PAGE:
I did something recently I’d never do voluntarily when I was a child. Actually, there’s a laundry list of things that I’d not do as a kid that I’d do now: sleep in a basement, eat vegetables willingly, go jogging, catch bugs in the house and take them outside for release, etc. But, despite a deep seated fear of the dentist and the interest in going willingly without major jaw trauma first as a factor, I got my teeth cleaned by a professional. I’m not proud that it’s been over a decade, but as an artist’s life is not conducive to dropping that kind of money one of these visits require, it wasn’t a need.
I’m pleased to say now that there are no major problems other than about a pound of tartar build up. Which is lucky, since given the fact there have been times my dietary choices have not been the most healthy, that could have gone south fast. However, even now I can’t stop running my tongue over my teeth which I fear is making me look somewhat predatory. I also can feel the retainer permanently affixed to my lower front teeth a lot more prominently. Of all the things I’ve done to alter my appearance, I find this is the one things that’s withstood the test of time. Body piercings have been removed and allowed to grow over, corset training waxes and wanes with the season (summer in corsets is hot, okay?) and dyed hair fades and grows out. But altering my skull to fit conventional beauty has to be the biggest shift I’ve done.
While orthodontics are fairly common, when you stop and reflect, it seems kind of hardcore. In my ‘tween’ years, my parents paid money to have pieces of my skull removed (I had too many teeth, and thus an overcrowded jaw) so that metal devices could be fitted to them to retrain the remains to fall into a line that was pleasing to the eye. To speed along the process and get my jaw better aligned, I also wore a headgear. Yes, between that and the glasses I wore in grades six to eight, along with a bookish nature and a affinity for all things dragons, I don’t know how any self-respecting bully could be expected to just walk by. But after all of the changes to my teeth, the little white pearls in the oyster of my mouth, a giant terrifying clamp of doom (as I recall them to be) were placed into my mouth to remove the metal brackets and wires. Except for one that remains, to this day, attached on my lower jaw bone. The thing is, this isn’t even a unique story. I’m not sitting in a minority here… lots of kids get this done while being told that they will have a beautiful smile, it’s worth it, it’s not forever, and so on. Do I enjoy my smile now as an adult? Totally. But younger me was clearly thinking ‘fuck that noise’.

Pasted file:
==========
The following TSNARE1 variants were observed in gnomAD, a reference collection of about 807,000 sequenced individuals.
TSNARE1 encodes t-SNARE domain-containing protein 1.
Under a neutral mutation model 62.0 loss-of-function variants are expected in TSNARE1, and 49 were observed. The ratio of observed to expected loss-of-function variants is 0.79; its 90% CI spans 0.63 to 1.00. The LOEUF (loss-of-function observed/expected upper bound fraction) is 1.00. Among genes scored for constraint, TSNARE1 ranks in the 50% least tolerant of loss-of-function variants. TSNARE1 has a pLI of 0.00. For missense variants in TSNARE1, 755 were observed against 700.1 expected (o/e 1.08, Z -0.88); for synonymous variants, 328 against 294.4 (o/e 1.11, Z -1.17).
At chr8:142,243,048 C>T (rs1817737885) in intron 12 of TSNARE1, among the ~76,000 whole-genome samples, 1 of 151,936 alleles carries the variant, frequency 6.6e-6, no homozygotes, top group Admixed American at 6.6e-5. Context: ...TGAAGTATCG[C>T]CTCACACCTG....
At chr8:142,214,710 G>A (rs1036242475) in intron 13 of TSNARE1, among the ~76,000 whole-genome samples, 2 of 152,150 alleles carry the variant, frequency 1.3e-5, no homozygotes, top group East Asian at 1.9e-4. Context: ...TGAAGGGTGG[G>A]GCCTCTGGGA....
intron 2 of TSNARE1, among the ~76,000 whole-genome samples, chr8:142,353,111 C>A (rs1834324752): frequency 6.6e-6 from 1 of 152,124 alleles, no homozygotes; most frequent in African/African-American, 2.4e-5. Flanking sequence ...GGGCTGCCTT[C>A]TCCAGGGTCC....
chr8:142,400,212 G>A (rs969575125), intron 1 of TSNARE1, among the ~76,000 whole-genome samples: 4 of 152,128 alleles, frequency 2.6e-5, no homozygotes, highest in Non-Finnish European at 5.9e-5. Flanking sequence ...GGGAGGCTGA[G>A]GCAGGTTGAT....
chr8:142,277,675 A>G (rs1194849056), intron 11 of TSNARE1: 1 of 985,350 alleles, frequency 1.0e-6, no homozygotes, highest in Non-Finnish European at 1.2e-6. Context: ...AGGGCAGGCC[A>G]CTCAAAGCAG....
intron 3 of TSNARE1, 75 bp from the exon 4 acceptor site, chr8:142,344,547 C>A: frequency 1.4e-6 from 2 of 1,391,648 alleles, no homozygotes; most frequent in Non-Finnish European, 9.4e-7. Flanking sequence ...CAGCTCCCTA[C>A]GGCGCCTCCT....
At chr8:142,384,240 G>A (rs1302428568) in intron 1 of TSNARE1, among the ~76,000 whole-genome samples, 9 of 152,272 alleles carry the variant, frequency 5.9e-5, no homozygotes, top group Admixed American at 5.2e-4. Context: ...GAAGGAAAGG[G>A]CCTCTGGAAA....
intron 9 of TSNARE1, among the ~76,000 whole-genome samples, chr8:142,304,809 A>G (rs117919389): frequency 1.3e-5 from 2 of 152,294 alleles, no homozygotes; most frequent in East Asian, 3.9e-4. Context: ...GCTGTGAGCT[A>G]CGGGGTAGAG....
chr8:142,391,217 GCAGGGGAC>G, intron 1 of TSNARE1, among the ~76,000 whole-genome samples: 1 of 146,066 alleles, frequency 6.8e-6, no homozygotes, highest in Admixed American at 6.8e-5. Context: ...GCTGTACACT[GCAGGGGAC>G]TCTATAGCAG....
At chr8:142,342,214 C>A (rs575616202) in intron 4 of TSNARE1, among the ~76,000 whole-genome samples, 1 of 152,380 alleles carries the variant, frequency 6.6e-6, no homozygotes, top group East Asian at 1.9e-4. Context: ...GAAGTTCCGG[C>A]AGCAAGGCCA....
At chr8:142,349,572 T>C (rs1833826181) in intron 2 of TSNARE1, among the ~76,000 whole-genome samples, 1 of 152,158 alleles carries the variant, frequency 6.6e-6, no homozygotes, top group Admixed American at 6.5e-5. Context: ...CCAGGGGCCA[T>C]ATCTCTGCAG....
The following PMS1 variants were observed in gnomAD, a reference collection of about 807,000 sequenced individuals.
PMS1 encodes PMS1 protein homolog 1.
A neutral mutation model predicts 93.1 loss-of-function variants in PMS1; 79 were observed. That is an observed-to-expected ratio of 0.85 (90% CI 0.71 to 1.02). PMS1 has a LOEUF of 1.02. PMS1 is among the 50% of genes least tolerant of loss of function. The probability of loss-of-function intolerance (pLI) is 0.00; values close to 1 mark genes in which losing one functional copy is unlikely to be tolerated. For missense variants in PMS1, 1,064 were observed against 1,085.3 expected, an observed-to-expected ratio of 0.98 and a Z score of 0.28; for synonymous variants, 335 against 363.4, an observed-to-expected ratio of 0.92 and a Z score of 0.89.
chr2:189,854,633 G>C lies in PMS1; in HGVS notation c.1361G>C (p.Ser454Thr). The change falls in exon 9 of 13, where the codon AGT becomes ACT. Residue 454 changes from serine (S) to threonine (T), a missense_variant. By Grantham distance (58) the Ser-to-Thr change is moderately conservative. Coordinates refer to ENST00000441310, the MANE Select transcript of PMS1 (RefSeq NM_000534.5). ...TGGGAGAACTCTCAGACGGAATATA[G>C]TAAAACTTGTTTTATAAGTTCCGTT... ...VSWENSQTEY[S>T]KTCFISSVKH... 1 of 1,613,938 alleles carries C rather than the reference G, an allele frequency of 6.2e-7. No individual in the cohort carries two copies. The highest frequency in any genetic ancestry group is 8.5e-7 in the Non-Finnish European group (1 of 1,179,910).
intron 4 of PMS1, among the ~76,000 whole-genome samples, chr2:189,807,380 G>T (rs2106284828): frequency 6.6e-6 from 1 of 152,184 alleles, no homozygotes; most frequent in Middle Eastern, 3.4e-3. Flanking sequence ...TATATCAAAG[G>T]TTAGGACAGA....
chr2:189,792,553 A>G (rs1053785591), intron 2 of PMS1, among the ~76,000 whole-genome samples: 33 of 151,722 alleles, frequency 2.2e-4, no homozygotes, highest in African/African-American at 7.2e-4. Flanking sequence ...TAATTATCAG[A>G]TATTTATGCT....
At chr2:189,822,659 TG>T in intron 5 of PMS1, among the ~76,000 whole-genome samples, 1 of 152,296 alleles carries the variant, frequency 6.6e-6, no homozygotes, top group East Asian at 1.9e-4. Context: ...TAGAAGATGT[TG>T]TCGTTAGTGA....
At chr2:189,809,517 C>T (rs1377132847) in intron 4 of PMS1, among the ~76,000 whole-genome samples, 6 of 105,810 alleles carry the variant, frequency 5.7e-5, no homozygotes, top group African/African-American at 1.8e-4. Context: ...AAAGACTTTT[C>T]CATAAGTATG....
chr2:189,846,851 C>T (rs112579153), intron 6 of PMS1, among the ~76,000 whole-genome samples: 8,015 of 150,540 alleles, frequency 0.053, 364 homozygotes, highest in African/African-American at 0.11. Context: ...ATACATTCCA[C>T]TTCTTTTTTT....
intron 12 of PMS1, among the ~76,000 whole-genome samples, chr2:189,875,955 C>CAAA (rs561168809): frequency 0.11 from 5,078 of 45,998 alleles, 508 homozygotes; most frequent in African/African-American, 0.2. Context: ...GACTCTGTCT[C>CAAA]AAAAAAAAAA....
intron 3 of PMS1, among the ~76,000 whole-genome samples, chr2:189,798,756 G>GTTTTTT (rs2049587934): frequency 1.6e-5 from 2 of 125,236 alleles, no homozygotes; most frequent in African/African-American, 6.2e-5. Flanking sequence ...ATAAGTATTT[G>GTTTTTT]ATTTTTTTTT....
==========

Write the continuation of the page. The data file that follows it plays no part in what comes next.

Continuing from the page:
What amuses me now is, despite having part of my skull removed to make myself more attractive, isn’t something that people think is weird. I practice semi-permanent body modification with corsetry when dying of heat exhaustion isn’t a problem. Semi-permanent because I’m not as hardcore a waist trainer as icons like Cathy Jung or Mr.Pearl and also because, again, sometimes I like to have my waist unrestricted so the results don’t last as long as someone who wears it 23 hours a day. But when I do wear corsets, people get a little odd. A little presumptuous, even. Personal space becomes null and void, your lifestyle becomes the subject of questioning as well as your sanity. Strangers are happy to give you health advice about what you are doing is crushing your organs and slowly killing you.
It’s the grabby-grabby that gets me when I am in waist training mode. People make all kinds of assumptions and person space becomes a figment of your imagination. I’m not alone in this; anyone from the illustrated to the branded to the implanted can likely share a tale about someone getting touchy-feely without asking first. I know that we are attracted to touch such unique and interesting humans, but social decorum and impulse control must be observed. After all, I know a number of parents-to-be that will not appreciate a pregnant belly handled without invitation… I can only imagine how they’d react if someone poked their child in the mouth to finger their dental work like the kid was a prize show pony or something.
And yet, as fantastical as we find these self imposed decorations are, there are still places that ask their employees to cover up tattoos, remove jewellery from piercings, etc. I was sad to witness my bank teller being hissed at to ‘cover up’ when her half sleeve threatened to poke out past her shirt. Now, I know some corporations think that ink denotes some kind of weird inability to do your job effectively, but it vexes me. As long as she can handle my account needs, her body alterations through her casual business attire in no way bother me. By that logic, you should have everyone with masks over their mouths if they’ve worn braces or had orthodontic surgery done in their lives.
It’s a weird contradictory world we seem to exist in. Frankly, I’m looking forward to when, in another forty years time, we’ve all aged and we still think our hipster tattoos are funny, if for no other reason than to embarass the next generation. In the meantime, I’ve got some very expensive body mods to maintain, so I’d better go and brush my teeth.